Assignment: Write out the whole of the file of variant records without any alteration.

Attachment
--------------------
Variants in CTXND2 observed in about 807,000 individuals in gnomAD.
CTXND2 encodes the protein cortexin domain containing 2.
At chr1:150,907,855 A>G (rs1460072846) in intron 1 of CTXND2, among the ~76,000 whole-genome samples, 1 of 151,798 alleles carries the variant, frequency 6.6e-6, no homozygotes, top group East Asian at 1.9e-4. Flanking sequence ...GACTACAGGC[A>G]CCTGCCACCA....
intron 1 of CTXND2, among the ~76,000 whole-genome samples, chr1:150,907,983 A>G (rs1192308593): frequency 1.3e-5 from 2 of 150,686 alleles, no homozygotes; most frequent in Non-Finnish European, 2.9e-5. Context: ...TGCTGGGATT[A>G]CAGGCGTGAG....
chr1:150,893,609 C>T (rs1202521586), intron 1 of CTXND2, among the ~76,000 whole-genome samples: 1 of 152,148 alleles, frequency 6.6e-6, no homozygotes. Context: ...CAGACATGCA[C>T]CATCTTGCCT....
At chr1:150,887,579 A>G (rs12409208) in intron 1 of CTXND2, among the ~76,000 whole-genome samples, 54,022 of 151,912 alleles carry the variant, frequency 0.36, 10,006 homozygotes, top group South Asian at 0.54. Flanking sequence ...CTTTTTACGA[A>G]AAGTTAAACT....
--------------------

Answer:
Variants in CTXND2 observed in about 807,000 individuals in gnomAD.
CTXND2 encodes the protein cortexin domain containing 2.
At chr1:150,907,855 A>G (rs1460072846) in intron 1 of CTXND2, among the ~76,000 whole-genome samples, 1 of 151,798 alleles carries the variant, frequency 6.6e-6, no homozygotes, top group East Asian at 1.9e-4. Flanking sequence ...GACTACAGGC[A>G]CCTGCCACCA....
intron 1 of CTXND2, among the ~76,000 whole-genome samples, chr1:150,907,983 A>G (rs1192308593): frequency 1.3e-5 from 2 of 150,686 alleles, no homozygotes; most frequent in Non-Finnish European, 2.9e-5. Context: ...TGCTGGGATT[A>G]CAGGCGTGAG....
chr1:150,893,609 C>T (rs1202521586), intron 1 of CTXND2, among the ~76,000 whole-genome samples: 1 of 152,148 alleles, frequency 6.6e-6, no homozygotes. Context: ...CAGACATGCA[C>T]CATCTTGCCT....
At chr1:150,887,579 A>G (rs12409208) in intron 1 of CTXND2, among the ~76,000 whole-genome samples, 54,022 of 151,912 alleles carry the variant, frequency 0.36, 10,006 homozygotes, top group South Asian at 0.54. Flanking sequence ...CTTTTTACGA[A>G]AAGTTAAACT....